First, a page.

Michael Hardie Boys
|The Right Honourable|
Sir Michael Hardie Boys
GNZM GCMG QSO KStJ
|17th Governor-General of New Zealand|
21 March 1996 – 21 March 2001
Jim Bolger (1996–1997)|
Jenny Shipley (1997–1999)
Helen Clark (1999–2001)
|Preceded by||Dame Catherine Tizard|
|Succeeded by||Dame Silvia Cartwright|
6 October 1931|
Wellington, New Zealand
Early life and family
After his schooling at Hataitai School and Wellington College, he gained BA and LL.B degrees from Victoria University College. Hardie Boys married Mary Zohrab in 1957. They have two sons, two daughters and eight grandchildren.
Judge of the High Court
A lawyer by profession, Hardie Boys became a Judge of the High Court of New Zealand in 1980 and was elevated to the Court of Appeal and appointed as a Privy Counsellor. In 1994 he was elected as an Honorary Bencher at Gray's Inn, and in 1995 became an Honorary Fellow of Wolfson College, Cambridge. He is also a Visiting Fellow at Wolfson. In the New Year Honours List of 1995 Hardie Boys was appointed as a Knight Grand Cross of the Order of St Michael and St George. In 1996 (now as Governor-General) he was the first person appointed as a Knight Grand Companion of the New Zealand Order of Merit. and is also a Knight of the Order of St John of Jerusalem.
On 21 March 1996, Hardie Boys was appointed by Queen Elizabeth II on the advice of her Prime Minister, Jim Bolger, as the Governor-General of New Zealand. Upon the completion of his term on 21 March 2001 Sir Michael and Lady Hardie Boys were both appointed as additional Companions of the Queen's Service Order.
In 1996, Hardie Boys caused controversy by stating his opposition to Minister of Youth Affairs Deborah Morris's suggestion that young people have access to contraceptives. Later, in 2001, he created further controversy by making an implied attack on the Clark Labour Government's scrapping of the air defence wing of the Royal New Zealand Air Force.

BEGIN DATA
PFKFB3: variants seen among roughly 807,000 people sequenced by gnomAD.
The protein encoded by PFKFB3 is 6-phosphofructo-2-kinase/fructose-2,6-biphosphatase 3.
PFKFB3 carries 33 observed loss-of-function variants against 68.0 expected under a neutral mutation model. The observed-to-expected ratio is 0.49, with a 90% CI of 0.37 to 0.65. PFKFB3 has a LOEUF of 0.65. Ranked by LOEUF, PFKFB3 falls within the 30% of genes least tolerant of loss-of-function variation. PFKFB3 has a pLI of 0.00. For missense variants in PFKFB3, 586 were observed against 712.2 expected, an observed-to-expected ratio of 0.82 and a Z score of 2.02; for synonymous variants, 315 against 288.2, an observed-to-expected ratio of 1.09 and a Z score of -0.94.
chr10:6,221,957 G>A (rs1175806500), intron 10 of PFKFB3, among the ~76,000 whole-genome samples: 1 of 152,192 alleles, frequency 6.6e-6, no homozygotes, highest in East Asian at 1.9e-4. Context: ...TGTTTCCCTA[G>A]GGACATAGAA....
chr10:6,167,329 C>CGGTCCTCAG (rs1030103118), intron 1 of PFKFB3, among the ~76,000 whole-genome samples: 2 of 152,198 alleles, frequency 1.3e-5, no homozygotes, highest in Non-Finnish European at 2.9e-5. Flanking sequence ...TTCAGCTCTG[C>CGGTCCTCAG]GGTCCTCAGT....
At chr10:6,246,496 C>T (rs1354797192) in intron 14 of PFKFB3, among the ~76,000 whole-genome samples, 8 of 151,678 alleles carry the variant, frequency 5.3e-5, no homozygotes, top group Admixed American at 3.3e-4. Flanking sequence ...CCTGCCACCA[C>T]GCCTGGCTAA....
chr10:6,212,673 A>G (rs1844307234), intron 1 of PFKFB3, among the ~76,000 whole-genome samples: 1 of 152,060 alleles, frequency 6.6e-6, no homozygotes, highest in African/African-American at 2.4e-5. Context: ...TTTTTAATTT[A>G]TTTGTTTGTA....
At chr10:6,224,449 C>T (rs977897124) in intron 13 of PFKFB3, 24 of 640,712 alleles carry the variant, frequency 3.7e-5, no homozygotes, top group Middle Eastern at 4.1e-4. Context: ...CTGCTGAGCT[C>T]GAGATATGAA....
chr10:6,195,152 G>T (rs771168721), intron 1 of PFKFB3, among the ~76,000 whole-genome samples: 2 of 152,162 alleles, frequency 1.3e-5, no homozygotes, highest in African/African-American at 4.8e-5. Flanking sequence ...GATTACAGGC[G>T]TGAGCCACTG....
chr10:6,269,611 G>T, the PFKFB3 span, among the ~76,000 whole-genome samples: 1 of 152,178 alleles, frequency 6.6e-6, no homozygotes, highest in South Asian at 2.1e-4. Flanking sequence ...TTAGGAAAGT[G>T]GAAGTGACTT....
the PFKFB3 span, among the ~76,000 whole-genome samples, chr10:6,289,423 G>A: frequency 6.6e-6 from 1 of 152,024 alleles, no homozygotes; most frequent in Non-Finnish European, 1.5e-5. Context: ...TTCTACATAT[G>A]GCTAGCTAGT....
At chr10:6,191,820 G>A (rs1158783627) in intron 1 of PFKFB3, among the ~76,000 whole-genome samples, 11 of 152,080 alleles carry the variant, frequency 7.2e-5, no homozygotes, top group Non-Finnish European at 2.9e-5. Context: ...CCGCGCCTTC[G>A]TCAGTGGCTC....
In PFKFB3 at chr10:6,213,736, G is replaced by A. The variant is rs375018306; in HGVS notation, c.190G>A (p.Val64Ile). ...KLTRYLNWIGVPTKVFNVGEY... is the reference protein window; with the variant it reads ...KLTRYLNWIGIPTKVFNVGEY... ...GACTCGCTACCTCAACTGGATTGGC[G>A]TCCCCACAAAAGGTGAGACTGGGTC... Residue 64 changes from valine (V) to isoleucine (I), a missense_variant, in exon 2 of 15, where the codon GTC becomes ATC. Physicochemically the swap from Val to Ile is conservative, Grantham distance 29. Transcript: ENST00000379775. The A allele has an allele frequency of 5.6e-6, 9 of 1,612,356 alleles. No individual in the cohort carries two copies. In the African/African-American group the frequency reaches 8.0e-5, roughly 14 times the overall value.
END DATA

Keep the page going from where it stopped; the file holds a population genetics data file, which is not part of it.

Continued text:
Since his retirement as Governor-General, Hardie Boys has served as a Judge of the Kiribati Court of Appeal. He now lives at Waikanae.
In 2004, he stated his opposition to New Zealand becoming a republic, stating in an interview: "If it ain't broke, don't fix it."
- "Appointments to the Privy Council" (14 September 1989) 159 New Zealand Gazette 4242.
- "New Year Honours 1995" (19 January 1996) 4 New Zealand Gazette 121.
- "The Queen's Birthday Honours 1996" (10 June 1996) 59 New Zealand Gazette 1488.
- Gavin Mclean (October 2006), The Governors, New Zealand Governors and Governors-General, Otago University Press, p. 281
- "Ditch Queen, say former Governors-General: New Zealand Herald". The New Zealand Herald. 14 November 2004. Retrieved 2 August 2006.
Dame Catherine Tizard
|Governor-General of New Zealand
| Succeeded by|
Dame Silvia Cartwright